Re: B-777 cockpit

From:         dtmedin@cca.rockwell.com (David T. Medin)
Organization: Rockwell Avionics - Collins, Cedar Rapids, IA
Date:         24 Jun 96 12:24:50 
References:   1 2
Followups:    1
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In article <airliners.1996.934@ohare.Chicago.COM>, faurecm@halcyon.com (C. Marin Faure) writes:
|> In article <airliners.1996.843@ohare.Chicago.COM>, ABrowne@mtl.marconi.ca
|> (Alan Browne) wrote:
|>
|> > 2- There was a flight engineer station, immediately behind the co-pilot's
|> > seat.  The station consisted of a large flat panel display and a trackball.
|> >  The flight engineer, monitored systems and called up maintenance logs, and
|> > maintenance bulletins on this display.
|>
|> The 777 does not have a flight engineer.  It has a two-crew cockpit.  The
|> display you're referring to is called a "MAT" (Maintenance Access
|> Terminal) and is used by ground technicians to access the 777's on-board
|> fault reporting and diagnosis system called BITE, which stands for
|> Built-In-Test-Equipment.  There is a similar display in the E-bay under
|> the forward cabin, and portable units (PMATs) can be plugged in at various
|> points around the plane.  The screen forward of the ppower levers in the
|> center consol also can be used as a MAT.

There is no MAT display in the EE bay--only a port for the PMAT. And,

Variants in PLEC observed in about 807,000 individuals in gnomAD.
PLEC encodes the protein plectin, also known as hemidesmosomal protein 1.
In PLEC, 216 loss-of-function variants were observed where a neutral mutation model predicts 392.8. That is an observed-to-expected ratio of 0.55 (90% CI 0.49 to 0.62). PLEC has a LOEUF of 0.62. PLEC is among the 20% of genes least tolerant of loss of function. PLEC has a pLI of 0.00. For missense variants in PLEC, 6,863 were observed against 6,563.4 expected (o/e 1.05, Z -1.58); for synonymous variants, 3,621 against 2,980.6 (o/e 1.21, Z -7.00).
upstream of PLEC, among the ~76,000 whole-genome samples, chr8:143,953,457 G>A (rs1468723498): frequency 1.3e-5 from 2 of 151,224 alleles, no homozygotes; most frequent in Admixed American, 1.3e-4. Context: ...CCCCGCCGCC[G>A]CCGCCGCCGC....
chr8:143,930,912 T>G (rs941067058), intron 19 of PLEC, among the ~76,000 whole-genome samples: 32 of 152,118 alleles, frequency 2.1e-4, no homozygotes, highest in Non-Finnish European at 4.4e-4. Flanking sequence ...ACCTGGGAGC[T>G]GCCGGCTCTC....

the screen forward of the power levers is not a MAT and is not running
the same applications, but can be used to access limited BITE
information, configuration data, etc.

Some airlines have ordered, as an option, forward displays on either
side of the cockpit near the tillers, which are actually MAT variants
called Side Displays (SDs).  They can use the AIMS cursor control as
they don't have their own trackballs.

|> Unless the airline you were on ordered something different from the 777s
|> I've been on here at Boeing, the pull-down menus on the MAT and on the
|> flight crew's center display are activated by touch pads, not trackballs.
|> All you do is move your finger around on the pad and the cursor on the
|> screen follows.  The flight crew's touch pads are beside them just forward
|> of the power lever quadrant, and incorporate palm rests to make it easier
|> to use the pad in turbulence.

The production MAT actually uses a trackball, not a touchpad. I
believe, but am not sure, that the AIMS cursor control is a touchpad.

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